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10-14-2012, 12:01 PM
  #72
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Originally Posted by tombombadil View Post

Sarcasm aside - Hasek's playoff numbers rank with Roy's.
No they really don't, no one's does and that's actually a fact, not just an opinion.

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10-14-2012, 12:17 PM
  #73
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I'd suggest anyone trying to claim the QMJHL is comparable to the KHL on this board should probably take a break, and learn some stuff, before posting here again. .
It's no more ridiculous than comparing the KHL's talent level to that of the NHL. And if someone responds to my post with sarcasm they can expect sarcasm in return.


Last edited by TheDevilMadeMe: 10-14-2012 at 02:33 PM. Reason: Please don't make it personal, guys
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10-14-2012, 12:20 PM
  #74
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Quote:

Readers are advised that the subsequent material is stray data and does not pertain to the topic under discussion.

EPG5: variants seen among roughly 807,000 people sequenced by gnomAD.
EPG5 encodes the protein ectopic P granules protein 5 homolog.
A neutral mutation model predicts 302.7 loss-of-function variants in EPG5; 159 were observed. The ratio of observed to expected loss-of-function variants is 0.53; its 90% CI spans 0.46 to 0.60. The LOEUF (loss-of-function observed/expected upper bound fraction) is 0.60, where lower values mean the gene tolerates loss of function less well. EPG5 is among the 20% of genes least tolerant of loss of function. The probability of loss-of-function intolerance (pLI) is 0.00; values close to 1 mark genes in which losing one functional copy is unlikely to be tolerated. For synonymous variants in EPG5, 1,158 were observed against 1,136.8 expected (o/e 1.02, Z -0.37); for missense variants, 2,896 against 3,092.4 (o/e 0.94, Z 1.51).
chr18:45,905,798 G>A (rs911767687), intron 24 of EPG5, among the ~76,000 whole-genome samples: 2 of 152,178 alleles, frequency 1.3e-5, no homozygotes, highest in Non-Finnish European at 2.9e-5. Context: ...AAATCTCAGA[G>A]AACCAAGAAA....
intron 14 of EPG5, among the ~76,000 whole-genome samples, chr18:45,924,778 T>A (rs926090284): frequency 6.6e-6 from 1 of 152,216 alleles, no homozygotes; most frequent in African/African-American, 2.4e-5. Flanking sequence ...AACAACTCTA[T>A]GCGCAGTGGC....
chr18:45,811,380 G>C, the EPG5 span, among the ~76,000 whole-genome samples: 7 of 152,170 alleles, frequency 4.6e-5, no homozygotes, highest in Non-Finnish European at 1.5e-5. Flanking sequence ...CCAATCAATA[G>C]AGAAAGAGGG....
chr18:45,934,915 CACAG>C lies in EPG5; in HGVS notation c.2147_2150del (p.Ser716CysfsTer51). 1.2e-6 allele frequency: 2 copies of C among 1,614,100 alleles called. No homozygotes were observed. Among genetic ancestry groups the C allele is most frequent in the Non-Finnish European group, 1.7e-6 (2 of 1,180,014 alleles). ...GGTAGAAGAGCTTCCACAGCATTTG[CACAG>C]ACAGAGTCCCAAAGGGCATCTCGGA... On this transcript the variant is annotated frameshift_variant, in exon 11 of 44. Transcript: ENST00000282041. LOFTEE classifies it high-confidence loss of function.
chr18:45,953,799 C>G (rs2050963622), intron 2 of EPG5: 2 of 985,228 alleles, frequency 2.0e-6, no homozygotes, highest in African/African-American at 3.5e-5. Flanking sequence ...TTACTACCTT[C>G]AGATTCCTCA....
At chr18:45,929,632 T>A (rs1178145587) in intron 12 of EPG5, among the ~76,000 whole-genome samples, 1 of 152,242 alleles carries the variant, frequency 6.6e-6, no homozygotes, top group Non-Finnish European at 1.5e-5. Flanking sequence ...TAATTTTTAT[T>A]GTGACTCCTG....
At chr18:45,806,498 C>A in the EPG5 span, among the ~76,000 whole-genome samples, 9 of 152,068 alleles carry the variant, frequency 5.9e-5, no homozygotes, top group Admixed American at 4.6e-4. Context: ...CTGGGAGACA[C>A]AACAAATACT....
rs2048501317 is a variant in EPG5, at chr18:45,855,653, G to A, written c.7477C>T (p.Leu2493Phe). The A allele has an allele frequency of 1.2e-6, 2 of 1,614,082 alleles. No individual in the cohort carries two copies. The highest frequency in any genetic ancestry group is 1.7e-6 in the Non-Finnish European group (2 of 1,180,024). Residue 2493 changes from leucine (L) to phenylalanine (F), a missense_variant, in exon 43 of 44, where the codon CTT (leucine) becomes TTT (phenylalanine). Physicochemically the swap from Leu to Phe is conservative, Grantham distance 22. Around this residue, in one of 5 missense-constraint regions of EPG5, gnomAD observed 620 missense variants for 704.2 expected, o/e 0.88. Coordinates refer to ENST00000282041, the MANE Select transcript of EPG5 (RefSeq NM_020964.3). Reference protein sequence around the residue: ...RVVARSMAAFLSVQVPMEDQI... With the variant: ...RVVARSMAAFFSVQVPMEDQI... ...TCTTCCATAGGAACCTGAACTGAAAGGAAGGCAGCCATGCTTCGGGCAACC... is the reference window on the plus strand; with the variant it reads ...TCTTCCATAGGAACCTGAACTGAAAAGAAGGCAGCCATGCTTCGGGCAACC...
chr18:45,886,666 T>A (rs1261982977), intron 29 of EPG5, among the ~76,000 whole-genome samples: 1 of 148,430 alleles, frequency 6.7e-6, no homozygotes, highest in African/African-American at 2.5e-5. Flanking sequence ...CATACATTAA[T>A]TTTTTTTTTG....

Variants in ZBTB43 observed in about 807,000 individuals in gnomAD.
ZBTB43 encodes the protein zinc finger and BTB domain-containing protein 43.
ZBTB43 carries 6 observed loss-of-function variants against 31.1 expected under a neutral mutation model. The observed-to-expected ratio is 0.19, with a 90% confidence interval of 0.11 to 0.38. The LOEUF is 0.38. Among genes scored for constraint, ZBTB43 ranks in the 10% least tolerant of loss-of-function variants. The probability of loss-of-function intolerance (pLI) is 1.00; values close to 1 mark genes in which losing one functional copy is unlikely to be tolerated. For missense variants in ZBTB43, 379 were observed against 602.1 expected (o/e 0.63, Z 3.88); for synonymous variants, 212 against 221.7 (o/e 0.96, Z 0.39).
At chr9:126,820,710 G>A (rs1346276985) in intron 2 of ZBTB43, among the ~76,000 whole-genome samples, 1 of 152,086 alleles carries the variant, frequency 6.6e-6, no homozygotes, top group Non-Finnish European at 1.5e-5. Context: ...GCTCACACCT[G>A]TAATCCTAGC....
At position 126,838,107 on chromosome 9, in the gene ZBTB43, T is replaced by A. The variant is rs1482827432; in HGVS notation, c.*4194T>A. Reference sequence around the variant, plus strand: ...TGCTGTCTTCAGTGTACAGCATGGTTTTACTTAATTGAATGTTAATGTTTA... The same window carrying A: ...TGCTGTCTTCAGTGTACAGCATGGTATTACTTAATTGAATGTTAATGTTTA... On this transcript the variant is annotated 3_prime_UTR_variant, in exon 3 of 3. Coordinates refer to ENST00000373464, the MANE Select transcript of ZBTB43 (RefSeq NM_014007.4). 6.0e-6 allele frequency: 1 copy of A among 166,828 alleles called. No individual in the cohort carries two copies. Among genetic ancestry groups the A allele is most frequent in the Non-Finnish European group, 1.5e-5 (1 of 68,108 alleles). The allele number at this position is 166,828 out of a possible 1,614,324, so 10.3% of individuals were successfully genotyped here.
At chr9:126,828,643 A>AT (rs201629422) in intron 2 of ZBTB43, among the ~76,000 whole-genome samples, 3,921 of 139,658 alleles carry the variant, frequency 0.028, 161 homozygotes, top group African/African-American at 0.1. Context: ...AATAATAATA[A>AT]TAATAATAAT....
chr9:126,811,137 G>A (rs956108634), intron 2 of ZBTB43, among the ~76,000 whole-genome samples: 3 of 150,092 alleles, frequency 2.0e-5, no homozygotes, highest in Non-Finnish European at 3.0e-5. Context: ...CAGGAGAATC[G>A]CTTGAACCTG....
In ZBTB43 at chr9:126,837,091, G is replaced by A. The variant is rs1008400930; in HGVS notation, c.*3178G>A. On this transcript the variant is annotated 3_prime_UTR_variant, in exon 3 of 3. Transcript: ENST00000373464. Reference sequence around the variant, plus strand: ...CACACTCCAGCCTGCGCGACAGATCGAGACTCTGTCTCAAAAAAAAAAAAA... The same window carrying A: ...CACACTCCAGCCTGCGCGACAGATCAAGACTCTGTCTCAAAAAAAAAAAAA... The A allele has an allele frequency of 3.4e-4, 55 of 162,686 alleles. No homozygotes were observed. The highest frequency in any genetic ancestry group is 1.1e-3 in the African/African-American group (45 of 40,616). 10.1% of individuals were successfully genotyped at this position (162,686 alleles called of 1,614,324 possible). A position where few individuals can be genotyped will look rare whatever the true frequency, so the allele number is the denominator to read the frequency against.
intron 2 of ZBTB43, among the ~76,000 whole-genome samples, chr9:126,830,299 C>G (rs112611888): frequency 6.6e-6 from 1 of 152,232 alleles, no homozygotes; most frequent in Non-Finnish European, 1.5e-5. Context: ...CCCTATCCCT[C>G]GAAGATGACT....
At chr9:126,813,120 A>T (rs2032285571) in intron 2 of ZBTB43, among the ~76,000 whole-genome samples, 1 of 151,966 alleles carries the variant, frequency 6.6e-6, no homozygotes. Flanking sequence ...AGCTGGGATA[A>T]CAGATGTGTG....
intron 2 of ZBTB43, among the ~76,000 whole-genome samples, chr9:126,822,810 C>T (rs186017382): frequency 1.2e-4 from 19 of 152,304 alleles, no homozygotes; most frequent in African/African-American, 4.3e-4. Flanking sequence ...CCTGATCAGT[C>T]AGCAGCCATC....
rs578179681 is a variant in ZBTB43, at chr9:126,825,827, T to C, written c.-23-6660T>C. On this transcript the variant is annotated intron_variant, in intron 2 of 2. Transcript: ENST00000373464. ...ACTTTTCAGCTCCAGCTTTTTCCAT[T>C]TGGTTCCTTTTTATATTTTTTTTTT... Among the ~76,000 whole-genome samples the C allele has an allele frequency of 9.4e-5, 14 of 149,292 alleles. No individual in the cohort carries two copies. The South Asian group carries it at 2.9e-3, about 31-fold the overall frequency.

Originally Posted by tombombadil
Sarcasm aside - Hasek's playoff numbers rank with Roy's. His teams didn't.

.
False. Roy easily has the three best playoff runs between the two of them based on save % adjusted for era. He also effectively doubles Hasek in career playoff GVT

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10-14-2012, 12:29 PM
  #75
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Flopping, flailing, ridiculous, nightmarish style that he somehow managed to pull off through ninja magic. His game was as truly inimitable and incomprehensible as his Count Dracula accent that never seemed to thin out despite decades in the states. Just a bizarro player, all around. And yet, one of the best ever. Go figure.